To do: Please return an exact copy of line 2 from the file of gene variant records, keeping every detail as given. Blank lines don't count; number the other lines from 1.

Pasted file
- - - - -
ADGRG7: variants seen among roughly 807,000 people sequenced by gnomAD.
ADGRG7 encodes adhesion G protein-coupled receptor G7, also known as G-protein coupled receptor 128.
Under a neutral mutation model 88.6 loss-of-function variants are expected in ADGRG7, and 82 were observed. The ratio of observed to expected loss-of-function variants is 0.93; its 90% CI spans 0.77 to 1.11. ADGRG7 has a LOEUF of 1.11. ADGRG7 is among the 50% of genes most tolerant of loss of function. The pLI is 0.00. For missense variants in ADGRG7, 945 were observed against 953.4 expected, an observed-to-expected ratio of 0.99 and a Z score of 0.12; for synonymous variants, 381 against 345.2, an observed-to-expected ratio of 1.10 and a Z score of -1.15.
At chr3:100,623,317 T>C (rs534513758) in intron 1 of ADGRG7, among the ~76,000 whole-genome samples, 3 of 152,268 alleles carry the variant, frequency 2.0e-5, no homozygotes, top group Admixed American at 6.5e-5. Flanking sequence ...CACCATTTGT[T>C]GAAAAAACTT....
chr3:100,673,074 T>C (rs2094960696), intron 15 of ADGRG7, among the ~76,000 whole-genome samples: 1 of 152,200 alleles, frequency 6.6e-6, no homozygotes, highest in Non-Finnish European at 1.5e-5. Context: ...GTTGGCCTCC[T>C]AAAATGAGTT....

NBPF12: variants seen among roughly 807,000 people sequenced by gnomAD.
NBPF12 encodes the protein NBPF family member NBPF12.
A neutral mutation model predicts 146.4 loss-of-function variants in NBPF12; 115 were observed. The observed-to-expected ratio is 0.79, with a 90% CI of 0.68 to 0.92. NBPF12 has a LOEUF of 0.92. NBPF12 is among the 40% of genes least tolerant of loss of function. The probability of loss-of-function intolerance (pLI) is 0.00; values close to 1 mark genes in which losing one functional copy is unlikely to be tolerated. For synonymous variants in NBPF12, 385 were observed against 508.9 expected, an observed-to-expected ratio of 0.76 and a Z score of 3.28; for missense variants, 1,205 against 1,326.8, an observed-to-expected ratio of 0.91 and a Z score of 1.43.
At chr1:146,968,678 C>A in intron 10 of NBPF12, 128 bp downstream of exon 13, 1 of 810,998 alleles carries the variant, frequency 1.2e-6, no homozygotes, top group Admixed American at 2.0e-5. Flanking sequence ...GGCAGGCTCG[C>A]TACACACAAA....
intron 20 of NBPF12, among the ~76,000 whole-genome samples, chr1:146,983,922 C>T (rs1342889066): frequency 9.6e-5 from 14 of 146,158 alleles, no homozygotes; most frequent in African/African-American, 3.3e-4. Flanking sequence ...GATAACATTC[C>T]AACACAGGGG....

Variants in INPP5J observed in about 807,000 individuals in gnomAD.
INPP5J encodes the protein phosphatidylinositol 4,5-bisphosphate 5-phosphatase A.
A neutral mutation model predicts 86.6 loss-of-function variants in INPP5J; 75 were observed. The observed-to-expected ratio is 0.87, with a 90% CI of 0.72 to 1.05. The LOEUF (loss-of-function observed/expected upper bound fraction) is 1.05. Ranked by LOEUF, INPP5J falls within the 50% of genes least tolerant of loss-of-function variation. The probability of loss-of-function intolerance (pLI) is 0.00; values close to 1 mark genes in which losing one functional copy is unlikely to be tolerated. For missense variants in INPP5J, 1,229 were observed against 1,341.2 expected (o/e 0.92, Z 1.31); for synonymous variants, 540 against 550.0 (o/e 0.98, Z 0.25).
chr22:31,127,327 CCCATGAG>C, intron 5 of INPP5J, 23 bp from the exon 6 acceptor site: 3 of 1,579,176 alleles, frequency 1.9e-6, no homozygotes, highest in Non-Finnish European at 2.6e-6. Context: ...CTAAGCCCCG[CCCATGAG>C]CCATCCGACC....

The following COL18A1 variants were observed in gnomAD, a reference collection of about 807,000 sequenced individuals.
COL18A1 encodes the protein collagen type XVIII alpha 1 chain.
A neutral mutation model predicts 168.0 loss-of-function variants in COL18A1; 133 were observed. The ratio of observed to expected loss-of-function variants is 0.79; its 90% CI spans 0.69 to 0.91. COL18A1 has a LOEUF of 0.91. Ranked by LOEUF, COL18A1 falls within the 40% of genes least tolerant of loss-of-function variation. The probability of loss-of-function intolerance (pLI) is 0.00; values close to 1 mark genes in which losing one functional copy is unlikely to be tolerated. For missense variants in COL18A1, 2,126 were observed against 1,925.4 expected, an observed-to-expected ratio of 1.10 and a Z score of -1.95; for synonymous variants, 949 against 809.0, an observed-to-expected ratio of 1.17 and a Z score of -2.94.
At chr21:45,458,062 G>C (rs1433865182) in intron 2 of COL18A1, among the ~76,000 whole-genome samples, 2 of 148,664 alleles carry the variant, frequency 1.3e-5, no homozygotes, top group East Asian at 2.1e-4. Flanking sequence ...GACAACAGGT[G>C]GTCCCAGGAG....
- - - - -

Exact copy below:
ADGRG7 encodes adhesion G protein-coupled receptor G7, also known as G-protein coupled receptor 128.